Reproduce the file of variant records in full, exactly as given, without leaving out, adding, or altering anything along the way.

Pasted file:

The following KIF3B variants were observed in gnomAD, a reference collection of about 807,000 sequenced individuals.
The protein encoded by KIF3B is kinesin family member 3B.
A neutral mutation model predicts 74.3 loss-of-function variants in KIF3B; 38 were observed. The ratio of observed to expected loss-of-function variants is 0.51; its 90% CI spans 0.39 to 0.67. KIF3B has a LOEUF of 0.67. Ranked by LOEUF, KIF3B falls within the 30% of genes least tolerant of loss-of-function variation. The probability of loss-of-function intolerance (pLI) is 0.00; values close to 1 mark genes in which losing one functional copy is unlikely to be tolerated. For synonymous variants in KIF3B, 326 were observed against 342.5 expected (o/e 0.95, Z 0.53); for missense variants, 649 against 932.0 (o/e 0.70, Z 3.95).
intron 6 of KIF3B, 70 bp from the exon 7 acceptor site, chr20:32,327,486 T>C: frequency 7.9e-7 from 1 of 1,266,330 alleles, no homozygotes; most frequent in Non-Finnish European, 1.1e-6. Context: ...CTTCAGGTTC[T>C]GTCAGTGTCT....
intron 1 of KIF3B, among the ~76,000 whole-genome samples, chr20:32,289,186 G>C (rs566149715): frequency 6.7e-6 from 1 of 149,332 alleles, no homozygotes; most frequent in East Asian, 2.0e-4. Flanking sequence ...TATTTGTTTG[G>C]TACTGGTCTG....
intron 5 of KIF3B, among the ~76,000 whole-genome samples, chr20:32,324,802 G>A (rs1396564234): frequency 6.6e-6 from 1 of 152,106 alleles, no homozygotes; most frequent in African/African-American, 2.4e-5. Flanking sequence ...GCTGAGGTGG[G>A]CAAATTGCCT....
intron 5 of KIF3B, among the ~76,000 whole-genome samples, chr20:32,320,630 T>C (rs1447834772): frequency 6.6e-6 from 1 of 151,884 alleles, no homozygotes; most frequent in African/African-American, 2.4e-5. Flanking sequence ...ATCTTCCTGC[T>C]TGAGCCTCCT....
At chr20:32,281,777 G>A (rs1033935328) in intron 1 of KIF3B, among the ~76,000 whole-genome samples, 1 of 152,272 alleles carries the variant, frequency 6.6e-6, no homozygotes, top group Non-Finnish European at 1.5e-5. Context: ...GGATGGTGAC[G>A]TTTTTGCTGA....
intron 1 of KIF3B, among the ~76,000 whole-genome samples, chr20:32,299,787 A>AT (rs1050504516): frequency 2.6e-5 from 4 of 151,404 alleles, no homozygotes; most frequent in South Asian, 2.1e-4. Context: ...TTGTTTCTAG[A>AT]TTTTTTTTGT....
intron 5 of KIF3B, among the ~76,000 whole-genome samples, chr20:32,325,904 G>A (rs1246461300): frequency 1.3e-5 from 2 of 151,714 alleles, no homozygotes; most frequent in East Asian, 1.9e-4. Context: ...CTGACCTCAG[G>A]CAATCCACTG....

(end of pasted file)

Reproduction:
The following KIF3B variants were observed in gnomAD, a reference collection of about 807,000 sequenced individuals.
The protein encoded by KIF3B is kinesin family member 3B.
A neutral mutation model predicts 74.3 loss-of-function variants in KIF3B; 38 were observed. The ratio of observed to expected loss-of-function variants is 0.51; its 90% CI spans 0.39 to 0.67. KIF3B has a LOEUF of 0.67. Ranked by LOEUF, KIF3B falls within the 30% of genes least tolerant of loss-of-function variation. The probability of loss-of-function intolerance (pLI) is 0.00; values close to 1 mark genes in which losing one functional copy is unlikely to be tolerated. For synonymous variants in KIF3B, 326 were observed against 342.5 expected (o/e 0.95, Z 0.53); for missense variants, 649 against 932.0 (o/e 0.70, Z 3.95).
intron 6 of KIF3B, 70 bp from the exon 7 acceptor site, chr20:32,327,486 T>C: frequency 7.9e-7 from 1 of 1,266,330 alleles, no homozygotes; most frequent in Non-Finnish European, 1.1e-6. Context: ...CTTCAGGTTC[T>C]GTCAGTGTCT....
intron 1 of KIF3B, among the ~76,000 whole-genome samples, chr20:32,289,186 G>C (rs566149715): frequency 6.7e-6 from 1 of 149,332 alleles, no homozygotes; most frequent in East Asian, 2.0e-4. Flanking sequence ...TATTTGTTTG[G>C]TACTGGTCTG....
intron 5 of KIF3B, among the ~76,000 whole-genome samples, chr20:32,324,802 G>A (rs1396564234): frequency 6.6e-6 from 1 of 152,106 alleles, no homozygotes; most frequent in African/African-American, 2.4e-5. Flanking sequence ...GCTGAGGTGG[G>A]CAAATTGCCT....
intron 5 of KIF3B, among the ~76,000 whole-genome samples, chr20:32,320,630 T>C (rs1447834772): frequency 6.6e-6 from 1 of 151,884 alleles, no homozygotes; most frequent in African/African-American, 2.4e-5. Flanking sequence ...ATCTTCCTGC[T>C]TGAGCCTCCT....
At chr20:32,281,777 G>A (rs1033935328) in intron 1 of KIF3B, among the ~76,000 whole-genome samples, 1 of 152,272 alleles carries the variant, frequency 6.6e-6, no homozygotes, top group Non-Finnish European at 1.5e-5. Context: ...GGATGGTGAC[G>A]TTTTTGCTGA....
intron 1 of KIF3B, among the ~76,000 whole-genome samples, chr20:32,299,787 A>AT (rs1050504516): frequency 2.6e-5 from 4 of 151,404 alleles, no homozygotes; most frequent in South Asian, 2.1e-4. Context: ...TTGTTTCTAG[A>AT]TTTTTTTTGT....
intron 5 of KIF3B, among the ~76,000 whole-genome samples, chr20:32,325,904 G>A (rs1246461300): frequency 1.3e-5 from 2 of 151,714 alleles, no homozygotes; most frequent in East Asian, 1.9e-4. Context: ...CTGACCTCAG[G>A]CAATCCACTG....